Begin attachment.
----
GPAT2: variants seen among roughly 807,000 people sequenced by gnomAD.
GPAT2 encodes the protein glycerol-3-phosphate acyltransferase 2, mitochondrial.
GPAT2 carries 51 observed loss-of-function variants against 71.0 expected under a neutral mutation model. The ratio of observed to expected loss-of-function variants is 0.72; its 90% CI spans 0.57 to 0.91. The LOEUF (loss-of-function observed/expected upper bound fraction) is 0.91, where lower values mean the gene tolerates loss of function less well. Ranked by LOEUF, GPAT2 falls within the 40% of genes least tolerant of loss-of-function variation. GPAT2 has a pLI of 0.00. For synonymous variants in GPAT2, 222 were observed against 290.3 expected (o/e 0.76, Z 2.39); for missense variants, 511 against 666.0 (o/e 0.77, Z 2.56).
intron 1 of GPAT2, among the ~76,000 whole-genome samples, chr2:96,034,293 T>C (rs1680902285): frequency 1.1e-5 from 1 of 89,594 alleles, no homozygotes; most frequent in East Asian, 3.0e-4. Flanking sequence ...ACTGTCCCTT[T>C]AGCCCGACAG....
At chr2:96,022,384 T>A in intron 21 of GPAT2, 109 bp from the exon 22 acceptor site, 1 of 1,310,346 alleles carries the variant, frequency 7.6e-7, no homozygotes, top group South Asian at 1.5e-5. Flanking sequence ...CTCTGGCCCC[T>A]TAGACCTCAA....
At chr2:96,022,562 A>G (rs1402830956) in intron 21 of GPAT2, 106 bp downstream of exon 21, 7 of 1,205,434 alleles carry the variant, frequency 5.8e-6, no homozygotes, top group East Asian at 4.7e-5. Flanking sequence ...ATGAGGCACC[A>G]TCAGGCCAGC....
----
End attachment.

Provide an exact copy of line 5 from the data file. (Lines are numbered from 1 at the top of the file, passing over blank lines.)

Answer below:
At chr2:96,022,384 T>A in intron 21 of GPAT2, 109 bp from the exon 22 acceptor site, 1 of 1,310,346 alleles carries the variant, frequency 7.6e-7, no homozygotes, top group South Asian at 1.5e-5. Flanking sequence ...CTCTGGCCCC[T>A]TAGACCTCAA....